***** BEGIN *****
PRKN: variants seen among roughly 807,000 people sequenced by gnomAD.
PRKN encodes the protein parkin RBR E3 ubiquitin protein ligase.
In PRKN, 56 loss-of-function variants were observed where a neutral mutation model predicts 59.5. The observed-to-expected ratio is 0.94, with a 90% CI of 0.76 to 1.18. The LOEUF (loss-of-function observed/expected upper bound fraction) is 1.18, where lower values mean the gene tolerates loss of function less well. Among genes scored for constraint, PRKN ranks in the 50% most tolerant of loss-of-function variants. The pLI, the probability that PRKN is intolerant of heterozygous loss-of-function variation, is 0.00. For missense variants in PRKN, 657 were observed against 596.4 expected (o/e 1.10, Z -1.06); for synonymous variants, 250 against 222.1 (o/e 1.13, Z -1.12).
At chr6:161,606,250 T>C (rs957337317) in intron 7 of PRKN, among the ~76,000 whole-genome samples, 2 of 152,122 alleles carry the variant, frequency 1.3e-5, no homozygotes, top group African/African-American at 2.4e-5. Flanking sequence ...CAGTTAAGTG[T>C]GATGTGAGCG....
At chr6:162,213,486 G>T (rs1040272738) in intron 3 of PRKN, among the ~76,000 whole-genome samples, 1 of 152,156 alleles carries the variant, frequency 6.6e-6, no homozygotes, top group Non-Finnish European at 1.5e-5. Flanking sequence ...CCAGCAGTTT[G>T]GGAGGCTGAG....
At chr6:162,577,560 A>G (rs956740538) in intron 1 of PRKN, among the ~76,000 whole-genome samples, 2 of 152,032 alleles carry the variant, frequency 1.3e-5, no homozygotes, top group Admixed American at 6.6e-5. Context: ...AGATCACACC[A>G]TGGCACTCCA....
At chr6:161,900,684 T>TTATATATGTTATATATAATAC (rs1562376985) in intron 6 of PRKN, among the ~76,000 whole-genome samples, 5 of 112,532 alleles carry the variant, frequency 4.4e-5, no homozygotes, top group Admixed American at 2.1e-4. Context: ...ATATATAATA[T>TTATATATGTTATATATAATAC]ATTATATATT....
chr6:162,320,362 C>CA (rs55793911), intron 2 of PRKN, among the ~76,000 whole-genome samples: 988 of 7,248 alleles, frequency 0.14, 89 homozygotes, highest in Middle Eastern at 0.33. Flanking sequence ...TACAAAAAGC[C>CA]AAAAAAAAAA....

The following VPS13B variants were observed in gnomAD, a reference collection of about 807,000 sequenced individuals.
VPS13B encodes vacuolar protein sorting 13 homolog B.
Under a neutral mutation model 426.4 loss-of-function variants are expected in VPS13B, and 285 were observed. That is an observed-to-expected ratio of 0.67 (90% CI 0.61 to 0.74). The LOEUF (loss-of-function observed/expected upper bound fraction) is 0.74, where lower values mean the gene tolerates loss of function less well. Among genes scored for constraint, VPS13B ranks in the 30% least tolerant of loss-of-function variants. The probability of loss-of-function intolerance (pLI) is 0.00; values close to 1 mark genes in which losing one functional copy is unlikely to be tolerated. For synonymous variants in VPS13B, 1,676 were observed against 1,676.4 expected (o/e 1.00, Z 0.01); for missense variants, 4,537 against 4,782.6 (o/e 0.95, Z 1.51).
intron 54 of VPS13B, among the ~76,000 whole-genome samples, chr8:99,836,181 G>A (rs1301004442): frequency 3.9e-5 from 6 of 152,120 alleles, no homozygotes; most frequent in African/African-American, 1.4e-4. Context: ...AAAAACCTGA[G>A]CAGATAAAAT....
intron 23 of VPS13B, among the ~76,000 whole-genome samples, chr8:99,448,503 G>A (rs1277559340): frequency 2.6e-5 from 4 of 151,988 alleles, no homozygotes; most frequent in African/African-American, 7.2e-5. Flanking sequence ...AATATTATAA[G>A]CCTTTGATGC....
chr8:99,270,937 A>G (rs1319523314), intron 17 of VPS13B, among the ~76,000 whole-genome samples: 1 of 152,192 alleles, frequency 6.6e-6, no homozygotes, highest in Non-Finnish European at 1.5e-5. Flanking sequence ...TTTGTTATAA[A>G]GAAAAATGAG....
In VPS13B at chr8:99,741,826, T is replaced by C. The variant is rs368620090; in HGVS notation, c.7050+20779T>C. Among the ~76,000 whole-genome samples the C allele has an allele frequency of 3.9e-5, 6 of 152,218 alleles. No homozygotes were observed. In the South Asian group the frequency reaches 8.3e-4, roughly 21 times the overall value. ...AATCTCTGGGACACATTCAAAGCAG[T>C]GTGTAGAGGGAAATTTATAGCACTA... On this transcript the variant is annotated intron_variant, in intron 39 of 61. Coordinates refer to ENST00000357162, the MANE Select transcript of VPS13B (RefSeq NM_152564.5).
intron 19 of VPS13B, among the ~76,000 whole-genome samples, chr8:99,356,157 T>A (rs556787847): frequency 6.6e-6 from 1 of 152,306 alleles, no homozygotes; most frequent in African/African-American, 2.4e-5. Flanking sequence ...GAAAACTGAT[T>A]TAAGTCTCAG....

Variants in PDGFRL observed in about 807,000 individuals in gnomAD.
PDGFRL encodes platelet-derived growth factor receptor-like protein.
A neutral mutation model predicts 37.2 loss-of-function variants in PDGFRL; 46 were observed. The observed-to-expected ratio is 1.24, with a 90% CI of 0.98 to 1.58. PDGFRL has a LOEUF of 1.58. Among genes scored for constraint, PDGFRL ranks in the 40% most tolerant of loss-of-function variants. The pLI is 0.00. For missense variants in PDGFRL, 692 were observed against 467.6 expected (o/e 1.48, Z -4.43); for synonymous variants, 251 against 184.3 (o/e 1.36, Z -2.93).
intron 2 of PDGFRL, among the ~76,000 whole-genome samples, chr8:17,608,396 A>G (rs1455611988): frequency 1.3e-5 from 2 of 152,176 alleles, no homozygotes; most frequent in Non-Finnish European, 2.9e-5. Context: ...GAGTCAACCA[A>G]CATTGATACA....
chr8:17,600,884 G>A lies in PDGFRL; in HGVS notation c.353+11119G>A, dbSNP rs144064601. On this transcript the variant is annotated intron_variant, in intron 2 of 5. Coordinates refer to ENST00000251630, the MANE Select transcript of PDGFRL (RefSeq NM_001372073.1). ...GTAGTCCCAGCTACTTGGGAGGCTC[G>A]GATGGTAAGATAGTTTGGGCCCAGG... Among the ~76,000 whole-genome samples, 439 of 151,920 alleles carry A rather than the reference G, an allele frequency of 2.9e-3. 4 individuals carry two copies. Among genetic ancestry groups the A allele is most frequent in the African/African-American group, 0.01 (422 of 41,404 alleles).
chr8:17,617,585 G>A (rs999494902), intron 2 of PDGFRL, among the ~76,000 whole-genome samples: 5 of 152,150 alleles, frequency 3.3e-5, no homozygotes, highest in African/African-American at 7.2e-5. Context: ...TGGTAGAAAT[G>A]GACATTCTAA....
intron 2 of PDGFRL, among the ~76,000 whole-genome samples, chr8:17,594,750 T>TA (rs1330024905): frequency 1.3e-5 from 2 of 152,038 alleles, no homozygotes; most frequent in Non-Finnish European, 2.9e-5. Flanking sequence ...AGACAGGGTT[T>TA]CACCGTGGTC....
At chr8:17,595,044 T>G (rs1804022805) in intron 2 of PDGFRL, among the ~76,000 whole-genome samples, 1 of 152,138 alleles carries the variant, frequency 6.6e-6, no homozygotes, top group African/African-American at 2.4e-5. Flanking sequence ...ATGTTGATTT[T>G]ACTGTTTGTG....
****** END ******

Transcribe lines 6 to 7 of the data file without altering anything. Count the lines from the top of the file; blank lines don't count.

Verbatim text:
At chr6:162,577,560 A>G (rs956740538) in intron 1 of PRKN, among the ~76,000 whole-genome samples, 2 of 152,032 alleles carry the variant, frequency 1.3e-5, no homozygotes, top group Admixed American at 6.6e-5. Context: ...AGATCACACC[A>G]TGGCACTCCA....
At chr6:161,900,684 T>TTATATATGTTATATATAATAC (rs1562376985) in intron 6 of PRKN, among the ~76,000 whole-genome samples, 5 of 112,532 alleles carry the variant, frequency 4.4e-5, no homozygotes, top group Admixed American at 2.1e-4. Context: ...ATATATAATA[T>TTATATATGTTATATATAATAC]ATTATATATT....